If the texts sent by Matt Hancock didn’t make everyone in Number 10 want to delete WhatsApp, another messaging scandal on the other side of the Atlantic probably will.
Hundreds of messages sent by senior Fox News hosts and executives, including its owner Rupert Murdoch, have shed unprecedented and unflattering light on the US TV network.
They showed Fox’s most well-known hosts ridiculing Donald Trump’s claims of election fraud but repeating them on air anyway, allegedly out of fear their viewers would desert them.
Even Mr Murdoch questioned in an email to Fox News president Suzanne Scott whether high-profile hosts Sean Hannity and Laura Ingraham “went too far” in their coverage of Mr Trump’s claims of voter fraud.
The messages are part of a trove of 6,500 documents released as part of a $1.6bn (£1.34bn) defamation lawsuit against the network by Dominion Voting Systems, with the company alleging Fox amplified false claims its voting machines were used to steal the 2020 election from then-president, Mr Trump. It is set to go to trial on April 17.
Fox has defended its coverage, saying it had the right to report on Mr Trump’s claims of election-fraud and Dominion’s “extreme” interpretation of defamation law would “stop the media in its tracks”. It says Dominion “cherry-picked” and “misrepresented” messages in its findings as a way to “smear Fox News and trample on free speech”. For example, citing additional testimony by Fox Corp co-chairman and CEO Lachlan Murdoch, who said under oath that he was “concerned” but “not overly concerned” by declining ratings after the election.
The messages have been lapped up by left-wing media organisations with MSNBC gleefully reporting that Fox had “destroyed its reputation”.
But is it surprising that a network ruthlessly run by Mr Murdoch would act like this? As with the Hancock texts, the answer is yes and no.
In both cases, there was a sense of duplicity among people in positions of power over what they said publicly versus what they said in private. And while the overall gist of messages is unsurprising, it is the details that are shocking.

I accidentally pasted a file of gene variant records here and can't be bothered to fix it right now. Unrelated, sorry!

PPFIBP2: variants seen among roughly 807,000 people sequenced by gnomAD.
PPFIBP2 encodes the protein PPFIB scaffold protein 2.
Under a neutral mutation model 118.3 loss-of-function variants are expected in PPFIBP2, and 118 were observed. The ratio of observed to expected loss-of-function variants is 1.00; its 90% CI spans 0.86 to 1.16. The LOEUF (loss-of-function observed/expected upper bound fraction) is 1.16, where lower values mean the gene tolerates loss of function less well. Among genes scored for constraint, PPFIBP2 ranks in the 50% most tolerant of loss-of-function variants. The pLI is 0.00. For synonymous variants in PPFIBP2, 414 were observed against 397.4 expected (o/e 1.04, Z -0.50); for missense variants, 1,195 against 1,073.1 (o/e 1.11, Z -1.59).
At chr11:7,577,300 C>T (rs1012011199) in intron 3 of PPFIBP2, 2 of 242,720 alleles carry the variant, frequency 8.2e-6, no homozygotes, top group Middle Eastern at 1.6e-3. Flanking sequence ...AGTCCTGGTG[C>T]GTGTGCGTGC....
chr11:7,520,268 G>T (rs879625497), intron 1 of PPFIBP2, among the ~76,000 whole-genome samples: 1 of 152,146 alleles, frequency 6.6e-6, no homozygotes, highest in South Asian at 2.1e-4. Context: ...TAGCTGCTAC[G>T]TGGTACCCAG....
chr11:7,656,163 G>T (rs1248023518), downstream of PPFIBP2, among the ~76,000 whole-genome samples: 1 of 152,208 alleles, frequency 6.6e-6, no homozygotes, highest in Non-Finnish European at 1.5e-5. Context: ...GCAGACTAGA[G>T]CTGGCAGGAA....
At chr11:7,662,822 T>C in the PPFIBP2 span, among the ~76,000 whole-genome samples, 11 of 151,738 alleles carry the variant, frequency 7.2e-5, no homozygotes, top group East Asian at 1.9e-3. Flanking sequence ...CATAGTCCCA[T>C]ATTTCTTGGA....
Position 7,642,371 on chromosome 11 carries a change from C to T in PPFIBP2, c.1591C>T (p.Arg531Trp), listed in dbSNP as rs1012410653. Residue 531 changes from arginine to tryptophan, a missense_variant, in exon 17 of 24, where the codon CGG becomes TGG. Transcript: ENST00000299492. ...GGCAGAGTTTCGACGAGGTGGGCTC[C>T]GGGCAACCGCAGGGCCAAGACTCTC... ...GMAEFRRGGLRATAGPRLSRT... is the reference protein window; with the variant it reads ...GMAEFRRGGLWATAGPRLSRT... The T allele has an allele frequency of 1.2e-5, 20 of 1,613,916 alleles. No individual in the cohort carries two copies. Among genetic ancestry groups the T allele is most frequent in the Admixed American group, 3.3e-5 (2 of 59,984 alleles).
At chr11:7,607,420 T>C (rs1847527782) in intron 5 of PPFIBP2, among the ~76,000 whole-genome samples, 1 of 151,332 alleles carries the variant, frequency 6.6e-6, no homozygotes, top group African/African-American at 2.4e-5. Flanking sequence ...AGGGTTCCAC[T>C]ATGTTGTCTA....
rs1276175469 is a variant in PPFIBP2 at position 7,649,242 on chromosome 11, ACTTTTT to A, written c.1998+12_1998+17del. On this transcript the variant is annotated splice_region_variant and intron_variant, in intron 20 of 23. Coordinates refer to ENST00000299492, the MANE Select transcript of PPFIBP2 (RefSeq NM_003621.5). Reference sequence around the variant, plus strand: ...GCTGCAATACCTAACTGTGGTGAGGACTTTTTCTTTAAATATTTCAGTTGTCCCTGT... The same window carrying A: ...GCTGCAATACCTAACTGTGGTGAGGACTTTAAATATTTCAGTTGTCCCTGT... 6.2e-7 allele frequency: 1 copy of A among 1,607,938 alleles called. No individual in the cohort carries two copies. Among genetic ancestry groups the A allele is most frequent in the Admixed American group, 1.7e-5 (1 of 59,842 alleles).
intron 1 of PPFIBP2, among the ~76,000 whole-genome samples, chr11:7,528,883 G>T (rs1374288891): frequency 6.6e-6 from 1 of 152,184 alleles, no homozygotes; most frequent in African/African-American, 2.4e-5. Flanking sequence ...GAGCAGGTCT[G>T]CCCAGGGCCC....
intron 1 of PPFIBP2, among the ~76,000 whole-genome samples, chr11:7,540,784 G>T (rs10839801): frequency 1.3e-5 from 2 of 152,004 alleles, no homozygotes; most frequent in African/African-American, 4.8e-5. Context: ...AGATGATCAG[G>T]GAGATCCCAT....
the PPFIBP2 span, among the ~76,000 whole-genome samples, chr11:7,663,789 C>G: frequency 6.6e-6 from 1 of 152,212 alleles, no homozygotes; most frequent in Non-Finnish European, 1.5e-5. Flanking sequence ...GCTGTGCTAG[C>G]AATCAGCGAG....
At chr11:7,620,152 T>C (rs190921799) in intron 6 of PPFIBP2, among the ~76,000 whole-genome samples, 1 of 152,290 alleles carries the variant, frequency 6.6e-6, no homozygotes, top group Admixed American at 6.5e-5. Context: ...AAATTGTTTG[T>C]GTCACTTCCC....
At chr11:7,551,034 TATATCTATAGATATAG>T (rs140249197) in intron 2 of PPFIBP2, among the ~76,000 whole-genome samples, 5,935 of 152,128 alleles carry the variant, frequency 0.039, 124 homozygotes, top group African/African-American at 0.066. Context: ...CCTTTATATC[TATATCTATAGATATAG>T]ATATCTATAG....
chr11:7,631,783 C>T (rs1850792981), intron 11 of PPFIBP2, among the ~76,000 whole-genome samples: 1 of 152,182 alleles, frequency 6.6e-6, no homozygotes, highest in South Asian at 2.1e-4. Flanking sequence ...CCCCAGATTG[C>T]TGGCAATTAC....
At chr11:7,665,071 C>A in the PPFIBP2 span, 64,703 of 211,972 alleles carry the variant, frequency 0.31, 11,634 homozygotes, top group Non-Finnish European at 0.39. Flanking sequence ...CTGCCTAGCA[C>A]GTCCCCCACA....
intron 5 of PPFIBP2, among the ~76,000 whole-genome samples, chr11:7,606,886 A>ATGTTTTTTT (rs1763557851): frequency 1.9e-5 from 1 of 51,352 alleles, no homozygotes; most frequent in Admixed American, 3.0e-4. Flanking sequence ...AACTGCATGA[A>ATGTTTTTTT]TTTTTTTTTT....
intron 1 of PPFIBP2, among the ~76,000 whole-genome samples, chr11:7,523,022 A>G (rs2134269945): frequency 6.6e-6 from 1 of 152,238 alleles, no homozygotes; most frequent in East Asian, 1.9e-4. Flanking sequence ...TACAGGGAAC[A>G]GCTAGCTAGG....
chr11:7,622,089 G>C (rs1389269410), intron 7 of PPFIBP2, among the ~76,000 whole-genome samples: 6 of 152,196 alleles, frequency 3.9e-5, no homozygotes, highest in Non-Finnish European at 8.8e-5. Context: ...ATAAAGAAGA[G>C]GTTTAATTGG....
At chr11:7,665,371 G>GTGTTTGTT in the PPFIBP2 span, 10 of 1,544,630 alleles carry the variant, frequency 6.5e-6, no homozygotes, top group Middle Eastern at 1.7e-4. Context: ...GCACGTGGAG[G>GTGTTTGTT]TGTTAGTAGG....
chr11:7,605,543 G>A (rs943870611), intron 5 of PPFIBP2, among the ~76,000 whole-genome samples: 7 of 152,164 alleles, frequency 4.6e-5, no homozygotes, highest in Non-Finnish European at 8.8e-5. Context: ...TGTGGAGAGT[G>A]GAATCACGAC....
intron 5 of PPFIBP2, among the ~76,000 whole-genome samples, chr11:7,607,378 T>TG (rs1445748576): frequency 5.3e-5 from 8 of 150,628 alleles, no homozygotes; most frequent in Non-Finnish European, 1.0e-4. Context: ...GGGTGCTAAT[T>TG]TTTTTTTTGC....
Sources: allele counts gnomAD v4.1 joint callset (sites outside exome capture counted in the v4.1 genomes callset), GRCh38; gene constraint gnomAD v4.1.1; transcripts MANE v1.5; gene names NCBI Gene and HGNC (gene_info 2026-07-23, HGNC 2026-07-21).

Tucker Carlson, whose evening show is among Fox’s highest-rated programmes, told a colleague on 4 January, 2021: “We are very, very close to being able to ignore Trump most nights. I truly can’t wait… I hate him passionately”.
As votes were counted after the presidential election in November 2020, he texted his then-producer Alex Pfeiffer fearing that voters could turn off Fox after the network called Arizona for President Biden.
“What he’s good at is destroying things. He’s the undisputed world champion of that,” Mr Carlson said.
Mr Carlson also texted Laura Ingraham, another popular Fox host, that Sidney Powell, a fringe lawyer who was brought in to advise Mr Trump about baseless election fraud claims, was “insane”.
Ms Ingraham told Mr Carlson in one text: “Sidney Powell is a bit nuts. Sorry but she is”. On another occasion, Mr Carlson said Ms Powell was “lying. F****** b****” he wrote.
Despite this both Mr Carlson and Ms Ingraham – as well as other Fox presenters – raised questions about the validity of the election result on their shows. Dominion’s lawyers argue that Fox defamed the company out of fear its position as the most popular cable network in America was under threat. Fox claims it was within its rights to report on claims raised by Mr Trump’s camp.
Other messages show that days after the election, Mr Murdoch wrote to Fox News chief executive Suzanne Scott the company was “getting creamed by CNN!”
Fox host Brett Baier said that the network being the first to call Arizona for Mr Biden on election night was “hurting us”. He emailed Fox News president Jay Wallace: “The sooner we pull it… the better we are”.